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In D.C, reality sets in

As time goes by, it is increasingly clear: President Trump is in over his head


Americans are learning the limitations of electing a president with little experience, interest, or knowledge in running the federal government.

No doubt many who voted for Donald Trump in November saw his antics on the campaign trail mostly as show. Even many who didn’t vote for him assumed that he would buckle down, grow up, and act presidential once in office.

Yet, after nearly three months in the White House, the disappointing truth is becoming all too apparent. Donald Trump has not risen to the occasion.

That reality was painfully apparent during the aborted effort by House Republicans to pass their much vaunted “repeal and replace” of the Affordable Care Act last month. On the campaign trail, then-candidate Trump had promised he’d repeal the ACA and replace it with “something terrific.”

Nobody would define the hastily-assembled GOP plan as terrific. Horrific would be a closer approximation for a plan that would have sent insurance premiums skyrocketing for middle-aged Americans and prompted 24 million Americans to lose their coverage. Even many Republicans wouldn’t vote for it.

President Trump, who ultimately supported the plan, had no idea what the so-called American Health Care Plan would actually do. As White House staffers later conceded, the president would see criticism of the plan on cable news and required constant reassurance from his advisors that the plan wasn’t as bad as everyone was saying. Inherent in that scenario is that the president was either unwilling to do the work of understanding the bill he was backing, or simply wasn’t interested in the issue beyond simply notching a political “win.”

We don’t require presidents to be policy experts, of course, but we do expect that they have the basic competency and knowledge to at least play a role in its development. President Trump clearly lacks both.

Incompetence and ignorance can be addressed to some degree when a president has sound guidance at his disposal— and makes use of it. President Trump has thousands of very capable and experienced civil servants within the federal government, to whom he could turn for advice and information to benefit his decision-making. Rather than do so, however, he surrounds himself instead with a small group of family members and advisors from the far outer fringes of the political spectrum, who engage in little more than daily palace intrigue and futile efforts to manage the president’s volatile moods.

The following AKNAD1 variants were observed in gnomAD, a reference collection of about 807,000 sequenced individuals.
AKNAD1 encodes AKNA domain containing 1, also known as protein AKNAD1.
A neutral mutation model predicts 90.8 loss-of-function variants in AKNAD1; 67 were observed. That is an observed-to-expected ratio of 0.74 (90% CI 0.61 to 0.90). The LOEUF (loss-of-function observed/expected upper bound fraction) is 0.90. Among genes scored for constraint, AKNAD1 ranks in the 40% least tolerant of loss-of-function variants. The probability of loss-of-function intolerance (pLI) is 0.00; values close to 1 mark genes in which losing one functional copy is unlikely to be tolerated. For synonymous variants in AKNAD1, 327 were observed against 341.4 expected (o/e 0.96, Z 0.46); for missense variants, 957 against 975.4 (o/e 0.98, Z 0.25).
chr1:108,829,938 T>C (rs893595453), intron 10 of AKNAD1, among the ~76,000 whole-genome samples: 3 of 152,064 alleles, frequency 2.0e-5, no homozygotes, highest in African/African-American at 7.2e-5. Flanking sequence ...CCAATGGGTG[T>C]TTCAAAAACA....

While many Trump voters were attracted by his populist rhetoric, enacting a populist agenda requires an actual leader with knowledge of the political process, an understanding of policy, and a real commitment to breaking the grip of big money in American politics.

President Trump meets none of these qualifiers. And he has filled his administration with a who’s who of the super rich, many with long-time connections to Wall Street. It is not the administration of a populist by any stretch. And certainly President Trump will find little support for any populist initiatives from the Republican-dominated Congress, which is currently focused on approving more tax cuts for the wealthy.

Trump is not a populist, nor is he a leader. He’s letting a divided GOP Congress set the agenda and he follows their initiative, with little understanding of what is actually happening around him. It’s a recipe for disaster. Trump is isolated, and dependent on a tiny cadre of ill-equipped advisors with conflicting agendas and interests. He ignores the nation’s intelligence officials, diplomats, and experienced policymakers across the board. He knows so little, and cares even less, about the nation’s food system that he has yet to even submit paperwork to the Senate to consider his proposed Secretary of Agriculture.

There’s little reason to think the administration will get better, at least not with President Trump in charge. To him, politics is really about being perceived as a winner, and little else. Actually improving the lives of Americans barely rates as an afterthought to a man focused on his own vanity and who, it turns out, is in way, way over his head.


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